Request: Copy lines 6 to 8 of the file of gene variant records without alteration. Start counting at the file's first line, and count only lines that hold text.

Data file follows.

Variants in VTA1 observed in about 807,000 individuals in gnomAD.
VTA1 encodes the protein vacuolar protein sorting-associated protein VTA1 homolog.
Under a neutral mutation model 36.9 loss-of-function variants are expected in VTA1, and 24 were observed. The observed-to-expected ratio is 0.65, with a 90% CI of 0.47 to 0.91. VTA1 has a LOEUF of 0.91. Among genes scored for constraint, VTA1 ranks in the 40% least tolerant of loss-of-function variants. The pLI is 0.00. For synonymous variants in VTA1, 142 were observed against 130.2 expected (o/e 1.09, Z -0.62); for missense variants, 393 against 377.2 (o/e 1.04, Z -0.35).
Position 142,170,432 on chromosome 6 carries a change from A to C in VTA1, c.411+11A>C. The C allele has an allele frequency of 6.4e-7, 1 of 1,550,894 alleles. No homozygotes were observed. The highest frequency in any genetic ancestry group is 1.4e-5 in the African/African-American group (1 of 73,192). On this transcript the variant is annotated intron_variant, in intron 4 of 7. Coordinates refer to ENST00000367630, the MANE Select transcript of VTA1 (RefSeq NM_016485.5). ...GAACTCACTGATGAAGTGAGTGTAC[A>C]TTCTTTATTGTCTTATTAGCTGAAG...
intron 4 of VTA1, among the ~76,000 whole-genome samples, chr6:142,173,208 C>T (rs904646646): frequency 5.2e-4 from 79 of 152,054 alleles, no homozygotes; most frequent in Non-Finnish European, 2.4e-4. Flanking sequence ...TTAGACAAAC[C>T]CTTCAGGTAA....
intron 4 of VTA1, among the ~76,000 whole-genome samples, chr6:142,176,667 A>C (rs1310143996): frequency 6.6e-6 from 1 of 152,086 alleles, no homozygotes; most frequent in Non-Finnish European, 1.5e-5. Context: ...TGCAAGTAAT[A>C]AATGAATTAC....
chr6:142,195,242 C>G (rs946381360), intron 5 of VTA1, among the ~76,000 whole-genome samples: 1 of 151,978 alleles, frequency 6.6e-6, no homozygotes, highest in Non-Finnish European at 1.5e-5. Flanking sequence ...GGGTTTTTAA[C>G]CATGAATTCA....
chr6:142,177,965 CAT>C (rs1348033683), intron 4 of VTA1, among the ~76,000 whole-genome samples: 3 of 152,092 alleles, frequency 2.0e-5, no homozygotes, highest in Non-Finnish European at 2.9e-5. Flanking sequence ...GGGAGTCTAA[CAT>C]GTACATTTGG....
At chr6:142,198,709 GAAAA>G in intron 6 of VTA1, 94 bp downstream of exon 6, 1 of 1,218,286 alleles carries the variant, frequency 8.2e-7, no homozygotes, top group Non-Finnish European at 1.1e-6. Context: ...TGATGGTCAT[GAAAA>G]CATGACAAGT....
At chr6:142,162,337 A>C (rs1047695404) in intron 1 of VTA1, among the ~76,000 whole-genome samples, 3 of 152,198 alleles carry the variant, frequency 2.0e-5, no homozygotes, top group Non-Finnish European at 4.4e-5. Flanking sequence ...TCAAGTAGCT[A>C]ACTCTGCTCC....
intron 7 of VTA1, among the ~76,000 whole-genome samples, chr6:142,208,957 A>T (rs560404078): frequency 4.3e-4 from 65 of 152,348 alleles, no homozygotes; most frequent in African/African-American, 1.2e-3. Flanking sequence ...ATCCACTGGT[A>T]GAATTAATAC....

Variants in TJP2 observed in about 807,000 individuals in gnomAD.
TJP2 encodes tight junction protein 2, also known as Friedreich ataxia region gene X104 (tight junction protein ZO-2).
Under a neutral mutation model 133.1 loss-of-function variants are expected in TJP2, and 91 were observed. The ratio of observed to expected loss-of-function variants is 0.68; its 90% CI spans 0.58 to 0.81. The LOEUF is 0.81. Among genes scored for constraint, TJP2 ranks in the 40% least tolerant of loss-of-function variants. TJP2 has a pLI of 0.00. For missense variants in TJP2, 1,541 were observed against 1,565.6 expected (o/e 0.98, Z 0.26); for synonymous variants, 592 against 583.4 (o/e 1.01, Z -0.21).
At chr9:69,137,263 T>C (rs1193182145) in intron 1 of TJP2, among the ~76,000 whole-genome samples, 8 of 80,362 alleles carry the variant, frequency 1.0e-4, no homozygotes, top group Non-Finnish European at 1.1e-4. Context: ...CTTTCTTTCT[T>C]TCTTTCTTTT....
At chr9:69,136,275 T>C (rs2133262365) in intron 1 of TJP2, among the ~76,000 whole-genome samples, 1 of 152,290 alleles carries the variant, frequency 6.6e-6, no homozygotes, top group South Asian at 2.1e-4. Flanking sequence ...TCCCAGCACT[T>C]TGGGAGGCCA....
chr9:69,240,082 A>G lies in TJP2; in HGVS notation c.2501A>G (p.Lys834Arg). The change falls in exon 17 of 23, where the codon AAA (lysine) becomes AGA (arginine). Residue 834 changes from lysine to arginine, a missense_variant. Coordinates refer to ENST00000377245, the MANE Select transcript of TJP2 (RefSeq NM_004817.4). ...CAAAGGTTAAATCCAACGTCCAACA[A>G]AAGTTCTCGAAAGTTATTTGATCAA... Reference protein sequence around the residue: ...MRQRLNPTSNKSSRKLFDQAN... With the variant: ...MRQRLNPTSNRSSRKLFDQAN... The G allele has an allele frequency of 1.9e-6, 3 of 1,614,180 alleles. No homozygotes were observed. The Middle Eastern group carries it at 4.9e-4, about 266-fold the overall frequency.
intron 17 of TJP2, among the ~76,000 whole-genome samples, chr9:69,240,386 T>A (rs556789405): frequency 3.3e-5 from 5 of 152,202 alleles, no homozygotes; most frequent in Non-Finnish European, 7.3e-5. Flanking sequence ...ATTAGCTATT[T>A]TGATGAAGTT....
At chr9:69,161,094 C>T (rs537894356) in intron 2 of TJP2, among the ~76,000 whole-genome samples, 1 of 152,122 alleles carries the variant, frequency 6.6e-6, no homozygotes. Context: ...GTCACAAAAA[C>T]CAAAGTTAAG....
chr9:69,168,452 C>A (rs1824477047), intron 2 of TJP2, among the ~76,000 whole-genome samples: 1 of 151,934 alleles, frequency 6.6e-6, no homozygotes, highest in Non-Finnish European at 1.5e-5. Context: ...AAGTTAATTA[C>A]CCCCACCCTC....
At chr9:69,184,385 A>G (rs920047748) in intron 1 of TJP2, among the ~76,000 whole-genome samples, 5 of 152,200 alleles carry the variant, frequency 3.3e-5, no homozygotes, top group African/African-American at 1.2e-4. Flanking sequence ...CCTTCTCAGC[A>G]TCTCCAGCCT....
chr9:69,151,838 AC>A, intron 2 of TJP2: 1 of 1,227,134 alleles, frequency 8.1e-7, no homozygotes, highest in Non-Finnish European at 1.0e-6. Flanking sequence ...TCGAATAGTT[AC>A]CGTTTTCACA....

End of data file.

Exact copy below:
intron 4 of VTA1, among the ~76,000 whole-genome samples, chr6:142,176,667 A>C (rs1310143996): frequency 6.6e-6 from 1 of 152,086 alleles, no homozygotes; most frequent in Non-Finnish European, 1.5e-5. Context: ...TGCAAGTAAT[A>C]AATGAATTAC....
chr6:142,195,242 C>G (rs946381360), intron 5 of VTA1, among the ~76,000 whole-genome samples: 1 of 151,978 alleles, frequency 6.6e-6, no homozygotes, highest in Non-Finnish European at 1.5e-5. Flanking sequence ...GGGTTTTTAA[C>G]CATGAATTCA....
chr6:142,177,965 CAT>C (rs1348033683), intron 4 of VTA1, among the ~76,000 whole-genome samples: 3 of 152,092 alleles, frequency 2.0e-5, no homozygotes, highest in Non-Finnish European at 2.9e-5. Flanking sequence ...GGGAGTCTAA[CAT>C]GTACATTTGG....